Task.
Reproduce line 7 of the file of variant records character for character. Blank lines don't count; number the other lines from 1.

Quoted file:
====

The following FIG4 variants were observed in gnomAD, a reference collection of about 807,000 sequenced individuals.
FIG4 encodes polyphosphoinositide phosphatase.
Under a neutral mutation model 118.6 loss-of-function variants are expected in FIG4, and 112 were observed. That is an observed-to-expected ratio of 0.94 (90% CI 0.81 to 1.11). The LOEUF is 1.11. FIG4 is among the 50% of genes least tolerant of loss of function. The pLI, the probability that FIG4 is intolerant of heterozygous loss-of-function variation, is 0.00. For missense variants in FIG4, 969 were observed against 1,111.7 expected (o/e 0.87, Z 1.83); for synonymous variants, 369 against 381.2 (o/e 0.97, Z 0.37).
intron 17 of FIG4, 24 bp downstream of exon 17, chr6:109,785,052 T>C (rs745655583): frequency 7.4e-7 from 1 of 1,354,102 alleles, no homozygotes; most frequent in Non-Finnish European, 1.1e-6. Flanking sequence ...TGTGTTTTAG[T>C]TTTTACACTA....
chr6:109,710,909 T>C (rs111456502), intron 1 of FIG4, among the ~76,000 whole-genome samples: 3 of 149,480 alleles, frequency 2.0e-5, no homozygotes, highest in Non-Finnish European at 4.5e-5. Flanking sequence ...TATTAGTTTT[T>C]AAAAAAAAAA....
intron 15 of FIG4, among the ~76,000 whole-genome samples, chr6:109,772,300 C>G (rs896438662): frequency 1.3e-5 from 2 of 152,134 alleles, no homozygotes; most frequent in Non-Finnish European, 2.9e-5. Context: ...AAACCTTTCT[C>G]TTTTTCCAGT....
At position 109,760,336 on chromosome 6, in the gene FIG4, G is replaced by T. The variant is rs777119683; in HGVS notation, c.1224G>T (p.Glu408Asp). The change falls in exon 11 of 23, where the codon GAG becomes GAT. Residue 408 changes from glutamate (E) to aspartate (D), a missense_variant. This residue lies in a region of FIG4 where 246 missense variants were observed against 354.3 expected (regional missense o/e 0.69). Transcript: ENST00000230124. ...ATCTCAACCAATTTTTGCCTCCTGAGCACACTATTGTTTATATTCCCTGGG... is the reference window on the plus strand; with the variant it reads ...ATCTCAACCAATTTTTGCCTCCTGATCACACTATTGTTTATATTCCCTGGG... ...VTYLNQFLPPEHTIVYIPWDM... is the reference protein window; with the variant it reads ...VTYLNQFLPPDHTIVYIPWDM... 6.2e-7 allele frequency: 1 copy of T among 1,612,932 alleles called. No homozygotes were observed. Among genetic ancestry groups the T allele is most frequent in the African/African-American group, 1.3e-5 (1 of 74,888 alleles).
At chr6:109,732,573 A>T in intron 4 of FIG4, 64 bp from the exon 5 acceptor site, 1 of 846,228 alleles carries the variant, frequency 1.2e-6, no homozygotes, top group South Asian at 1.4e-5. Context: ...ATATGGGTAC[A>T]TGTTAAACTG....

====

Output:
At position 109,760,336 on chromosome 6, in the gene FIG4, G is replaced by T. The variant is rs777119683; in HGVS notation, c.1224G>T (p.Glu408Asp). The change falls in exon 11 of 23, where the codon GAG becomes GAT. Residue 408 changes from glutamate (E) to aspartate (D), a missense_variant. This residue lies in a region of FIG4 where 246 missense variants were observed against 354.3 expected (regional missense o/e 0.69). Transcript: ENST00000230124. ...ATCTCAACCAATTTTTGCCTCCTGAGCACACTATTGTTTATATTCCCTGGG... is the reference window on the plus strand; with the variant it reads ...ATCTCAACCAATTTTTGCCTCCTGATCACACTATTGTTTATATTCCCTGGG... ...VTYLNQFLPPEHTIVYIPWDM... is the reference protein window; with the variant it reads ...VTYLNQFLPPDHTIVYIPWDM... 6.2e-7 allele frequency: 1 copy of T among 1,612,932 alleles called. No homozygotes were observed. Among genetic ancestry groups the T allele is most frequent in the African/African-American group, 1.3e-5 (1 of 74,888 alleles).